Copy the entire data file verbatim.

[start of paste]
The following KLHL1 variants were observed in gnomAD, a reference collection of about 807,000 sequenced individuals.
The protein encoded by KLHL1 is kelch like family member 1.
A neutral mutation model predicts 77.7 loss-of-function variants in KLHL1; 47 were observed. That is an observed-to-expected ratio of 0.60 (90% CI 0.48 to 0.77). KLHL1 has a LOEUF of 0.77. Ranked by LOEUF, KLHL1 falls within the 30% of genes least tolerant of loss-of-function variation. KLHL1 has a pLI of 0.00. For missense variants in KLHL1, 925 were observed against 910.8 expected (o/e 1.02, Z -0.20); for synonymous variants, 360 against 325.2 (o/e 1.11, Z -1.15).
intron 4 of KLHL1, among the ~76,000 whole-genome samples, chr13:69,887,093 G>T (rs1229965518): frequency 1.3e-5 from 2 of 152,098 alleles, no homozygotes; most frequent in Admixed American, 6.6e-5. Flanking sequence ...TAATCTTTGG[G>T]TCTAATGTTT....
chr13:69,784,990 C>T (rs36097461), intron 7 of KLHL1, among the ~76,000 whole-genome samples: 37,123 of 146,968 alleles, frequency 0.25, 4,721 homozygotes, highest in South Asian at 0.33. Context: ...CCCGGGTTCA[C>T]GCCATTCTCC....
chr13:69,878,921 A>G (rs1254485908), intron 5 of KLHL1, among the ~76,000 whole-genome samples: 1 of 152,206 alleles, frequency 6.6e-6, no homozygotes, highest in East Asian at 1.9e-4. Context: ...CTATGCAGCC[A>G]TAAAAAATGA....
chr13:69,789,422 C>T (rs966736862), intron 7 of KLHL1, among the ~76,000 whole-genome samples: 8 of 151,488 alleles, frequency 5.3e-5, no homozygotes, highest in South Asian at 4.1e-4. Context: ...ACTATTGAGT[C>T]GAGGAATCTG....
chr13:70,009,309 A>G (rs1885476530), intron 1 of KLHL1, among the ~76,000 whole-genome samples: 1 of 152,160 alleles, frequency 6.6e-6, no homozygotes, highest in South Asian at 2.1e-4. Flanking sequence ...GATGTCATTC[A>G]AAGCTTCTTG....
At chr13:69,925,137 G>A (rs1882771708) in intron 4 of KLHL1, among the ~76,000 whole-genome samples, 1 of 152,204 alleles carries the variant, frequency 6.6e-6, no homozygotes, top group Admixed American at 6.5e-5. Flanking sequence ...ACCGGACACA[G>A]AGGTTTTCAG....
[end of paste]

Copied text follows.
The following KLHL1 variants were observed in gnomAD, a reference collection of about 807,000 sequenced individuals.
The protein encoded by KLHL1 is kelch like family member 1.
A neutral mutation model predicts 77.7 loss-of-function variants in KLHL1; 47 were observed. That is an observed-to-expected ratio of 0.60 (90% CI 0.48 to 0.77). KLHL1 has a LOEUF of 0.77. Ranked by LOEUF, KLHL1 falls within the 30% of genes least tolerant of loss-of-function variation. KLHL1 has a pLI of 0.00. For missense variants in KLHL1, 925 were observed against 910.8 expected (o/e 1.02, Z -0.20); for synonymous variants, 360 against 325.2 (o/e 1.11, Z -1.15).
intron 4 of KLHL1, among the ~76,000 whole-genome samples, chr13:69,887,093 G>T (rs1229965518): frequency 1.3e-5 from 2 of 152,098 alleles, no homozygotes; most frequent in Admixed American, 6.6e-5. Flanking sequence ...TAATCTTTGG[G>T]TCTAATGTTT....
chr13:69,784,990 C>T (rs36097461), intron 7 of KLHL1, among the ~76,000 whole-genome samples: 37,123 of 146,968 alleles, frequency 0.25, 4,721 homozygotes, highest in South Asian at 0.33. Context: ...CCCGGGTTCA[C>T]GCCATTCTCC....
chr13:69,878,921 A>G (rs1254485908), intron 5 of KLHL1, among the ~76,000 whole-genome samples: 1 of 152,206 alleles, frequency 6.6e-6, no homozygotes, highest in East Asian at 1.9e-4. Context: ...CTATGCAGCC[A>G]TAAAAAATGA....
chr13:69,789,422 C>T (rs966736862), intron 7 of KLHL1, among the ~76,000 whole-genome samples: 8 of 151,488 alleles, frequency 5.3e-5, no homozygotes, highest in South Asian at 4.1e-4. Context: ...ACTATTGAGT[C>T]GAGGAATCTG....
chr13:70,009,309 A>G (rs1885476530), intron 1 of KLHL1, among the ~76,000 whole-genome samples: 1 of 152,160 alleles, frequency 6.6e-6, no homozygotes, highest in South Asian at 2.1e-4. Flanking sequence ...GATGTCATTC[A>G]AAGCTTCTTG....
At chr13:69,925,137 G>A (rs1882771708) in intron 4 of KLHL1, among the ~76,000 whole-genome samples, 1 of 152,204 alleles carries the variant, frequency 6.6e-6, no homozygotes, top group Admixed American at 6.5e-5. Flanking sequence ...ACCGGACACA[G>A]AGGTTTTCAG....